I nod. “Yeah. I mean, if you’re serious about moving to Anchorage—”

“When?” he demands to know, his voice suddenly gruff.

“I don’t know. As soon as I can?” How long does it take to pack up your life and move to a different country? Granted, a country I was born in and still have citizenship with but haven’t lived in for more than two decades.

His eyes spark with determination. “Come for Christmas.”

I laugh. “That’s like a month away!”

“So? What else you got goin’ on?” It’s a challenge, delivered in Jonah’s typical blunt style. “I’m not going to see my mom in Oslo anymore. And Aggie and Mabel would love having you there. Especially since it’s the first one without Wren. You should come.” His Adam’s apple bobs with his hard swallow. “Come.”

Somewhere in between his words and his tone and the way he’s looking at me, I hear the silent plea. In truth, the idea of being near the people closest to my late father for the holidays sounds more appealing—and more feasible—by the second.

“Okay?” I say on an exhale, my voice shaky. “If I can figure it out, I will. I’ll get there as soon as I can.”

He pulls me into his firm body, leaning down to press his forehead against mine. “Damn, Calla, you know how to make a guy sweat.”

I grin, reaching up to skate my fingertips over his stubbled jaw. I hid his razor two days ago to stop him from shaving. The act screamed of poetic justice to me, after he hid my cosmetics bags in his attic for all those weeks during the summer. Unfortunately, Jonah doesn’t seem bothered. “Sorry. I only decided a few seconds ago.” Though in truth, I think I’ve known all along.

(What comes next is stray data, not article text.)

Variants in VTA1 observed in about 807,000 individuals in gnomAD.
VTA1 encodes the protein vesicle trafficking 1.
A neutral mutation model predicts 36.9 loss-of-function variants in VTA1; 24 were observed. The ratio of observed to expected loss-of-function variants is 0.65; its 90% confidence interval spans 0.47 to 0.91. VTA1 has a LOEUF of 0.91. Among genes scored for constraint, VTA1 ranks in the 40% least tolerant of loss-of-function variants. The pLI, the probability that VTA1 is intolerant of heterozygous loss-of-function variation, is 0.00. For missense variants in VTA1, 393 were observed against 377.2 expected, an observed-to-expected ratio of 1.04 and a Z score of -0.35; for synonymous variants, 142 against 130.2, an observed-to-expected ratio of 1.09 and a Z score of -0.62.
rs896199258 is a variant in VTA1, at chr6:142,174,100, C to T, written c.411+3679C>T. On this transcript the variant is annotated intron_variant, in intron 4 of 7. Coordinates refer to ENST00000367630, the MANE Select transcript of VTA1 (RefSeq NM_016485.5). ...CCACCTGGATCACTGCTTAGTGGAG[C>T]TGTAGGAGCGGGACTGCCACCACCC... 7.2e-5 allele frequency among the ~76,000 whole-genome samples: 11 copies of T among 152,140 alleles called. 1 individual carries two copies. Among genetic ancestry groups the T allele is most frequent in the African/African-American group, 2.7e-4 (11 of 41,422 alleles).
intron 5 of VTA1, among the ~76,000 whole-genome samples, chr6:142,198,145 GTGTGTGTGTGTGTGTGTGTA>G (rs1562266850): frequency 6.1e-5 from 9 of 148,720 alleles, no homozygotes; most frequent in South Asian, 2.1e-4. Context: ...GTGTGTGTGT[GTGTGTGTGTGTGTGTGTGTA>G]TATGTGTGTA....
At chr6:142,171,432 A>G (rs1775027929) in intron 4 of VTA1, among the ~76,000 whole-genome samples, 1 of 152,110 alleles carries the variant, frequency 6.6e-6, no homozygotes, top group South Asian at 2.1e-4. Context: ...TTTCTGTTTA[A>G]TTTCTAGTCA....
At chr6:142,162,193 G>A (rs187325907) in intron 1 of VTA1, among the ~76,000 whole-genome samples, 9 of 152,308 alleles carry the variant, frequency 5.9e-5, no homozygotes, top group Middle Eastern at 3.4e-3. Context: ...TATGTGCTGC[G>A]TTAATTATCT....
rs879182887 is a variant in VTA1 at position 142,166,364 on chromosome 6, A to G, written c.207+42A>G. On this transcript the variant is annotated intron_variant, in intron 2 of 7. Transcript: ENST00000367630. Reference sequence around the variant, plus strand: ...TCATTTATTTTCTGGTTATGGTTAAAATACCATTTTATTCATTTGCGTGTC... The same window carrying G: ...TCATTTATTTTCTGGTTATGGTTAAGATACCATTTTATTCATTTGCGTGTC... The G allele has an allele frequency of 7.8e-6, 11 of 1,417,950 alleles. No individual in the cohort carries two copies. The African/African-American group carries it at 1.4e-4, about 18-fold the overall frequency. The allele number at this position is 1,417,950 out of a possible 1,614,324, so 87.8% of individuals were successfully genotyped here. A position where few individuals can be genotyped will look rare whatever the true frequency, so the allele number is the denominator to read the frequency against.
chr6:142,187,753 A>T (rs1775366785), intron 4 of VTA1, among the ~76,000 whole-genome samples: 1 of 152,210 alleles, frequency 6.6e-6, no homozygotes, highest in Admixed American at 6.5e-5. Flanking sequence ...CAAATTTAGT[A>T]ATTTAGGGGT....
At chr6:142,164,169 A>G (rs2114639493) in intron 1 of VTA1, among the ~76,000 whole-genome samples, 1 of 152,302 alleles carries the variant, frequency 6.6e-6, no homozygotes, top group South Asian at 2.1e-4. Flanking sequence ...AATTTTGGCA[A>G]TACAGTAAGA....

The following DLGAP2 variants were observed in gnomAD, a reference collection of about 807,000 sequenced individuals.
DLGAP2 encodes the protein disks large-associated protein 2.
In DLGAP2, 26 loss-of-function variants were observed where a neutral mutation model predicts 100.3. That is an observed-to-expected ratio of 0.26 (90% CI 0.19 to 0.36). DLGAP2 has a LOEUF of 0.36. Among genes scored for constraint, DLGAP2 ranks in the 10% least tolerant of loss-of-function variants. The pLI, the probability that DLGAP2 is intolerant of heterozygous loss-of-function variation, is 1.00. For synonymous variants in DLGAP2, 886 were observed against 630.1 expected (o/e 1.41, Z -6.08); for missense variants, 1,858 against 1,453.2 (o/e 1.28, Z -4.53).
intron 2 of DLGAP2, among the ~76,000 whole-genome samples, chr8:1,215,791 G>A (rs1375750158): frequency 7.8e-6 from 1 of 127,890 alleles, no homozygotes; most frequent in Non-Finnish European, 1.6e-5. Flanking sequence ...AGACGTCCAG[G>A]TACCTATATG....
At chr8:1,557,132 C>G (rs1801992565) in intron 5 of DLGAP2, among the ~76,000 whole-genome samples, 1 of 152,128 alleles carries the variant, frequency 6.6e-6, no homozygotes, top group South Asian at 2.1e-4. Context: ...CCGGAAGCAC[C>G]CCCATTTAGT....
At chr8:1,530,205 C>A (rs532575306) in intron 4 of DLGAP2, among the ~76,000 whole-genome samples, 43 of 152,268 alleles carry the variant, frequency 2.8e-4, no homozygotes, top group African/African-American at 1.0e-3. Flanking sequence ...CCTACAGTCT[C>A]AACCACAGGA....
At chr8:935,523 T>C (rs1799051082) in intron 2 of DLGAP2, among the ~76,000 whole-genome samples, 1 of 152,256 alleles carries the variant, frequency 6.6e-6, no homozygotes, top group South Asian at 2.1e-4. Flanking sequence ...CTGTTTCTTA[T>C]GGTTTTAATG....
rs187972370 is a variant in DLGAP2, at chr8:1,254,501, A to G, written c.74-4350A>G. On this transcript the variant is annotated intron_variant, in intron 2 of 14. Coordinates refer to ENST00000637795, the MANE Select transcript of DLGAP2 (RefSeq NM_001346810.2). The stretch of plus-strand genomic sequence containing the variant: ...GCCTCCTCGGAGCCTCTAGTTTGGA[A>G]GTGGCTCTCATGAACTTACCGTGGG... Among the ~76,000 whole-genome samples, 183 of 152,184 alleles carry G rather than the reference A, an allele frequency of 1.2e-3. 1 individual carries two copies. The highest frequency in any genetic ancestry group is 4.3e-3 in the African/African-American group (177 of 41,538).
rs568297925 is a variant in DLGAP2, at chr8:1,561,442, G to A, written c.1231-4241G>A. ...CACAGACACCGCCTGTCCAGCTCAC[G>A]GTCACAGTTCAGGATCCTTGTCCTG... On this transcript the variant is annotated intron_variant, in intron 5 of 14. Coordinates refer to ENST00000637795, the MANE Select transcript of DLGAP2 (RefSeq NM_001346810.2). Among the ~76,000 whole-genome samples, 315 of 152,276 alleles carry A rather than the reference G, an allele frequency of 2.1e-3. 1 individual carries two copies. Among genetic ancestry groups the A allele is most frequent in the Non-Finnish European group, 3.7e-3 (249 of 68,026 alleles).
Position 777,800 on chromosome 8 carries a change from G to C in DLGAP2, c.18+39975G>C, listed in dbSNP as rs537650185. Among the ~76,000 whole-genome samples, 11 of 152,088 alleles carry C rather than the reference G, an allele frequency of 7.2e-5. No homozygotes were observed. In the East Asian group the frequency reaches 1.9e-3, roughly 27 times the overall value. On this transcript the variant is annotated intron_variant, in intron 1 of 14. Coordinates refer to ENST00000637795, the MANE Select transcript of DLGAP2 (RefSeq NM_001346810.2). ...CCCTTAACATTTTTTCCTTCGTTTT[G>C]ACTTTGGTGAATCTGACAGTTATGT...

“Are you sure, though? Because you can’t tell me something like this and then chicken out. I’m gonna have to put the house up for sale now if we want any chance of being out of there by next summer—”

“I’m not going to chicken out,” I promise. “I’m one hundred percent sure that I—” I bite my lip to stall the declaration that nearly slips out, my cheeks flushing.

Jonah’s jaw tightens as he peers intensely at me. “You what?”

I love you. Those three words have been on the tip of my tongue since the second I heard his laughter from our porch, and yet I can’t find the nerve to tell him. Crazy enough, I have found the nerve to move to Alaska for him. Probably because he asked me to. If Jonah told me he loved me, the same sentiment would fly from my lips in a heartbeat. But he hasn’t said it yet, not in so many words.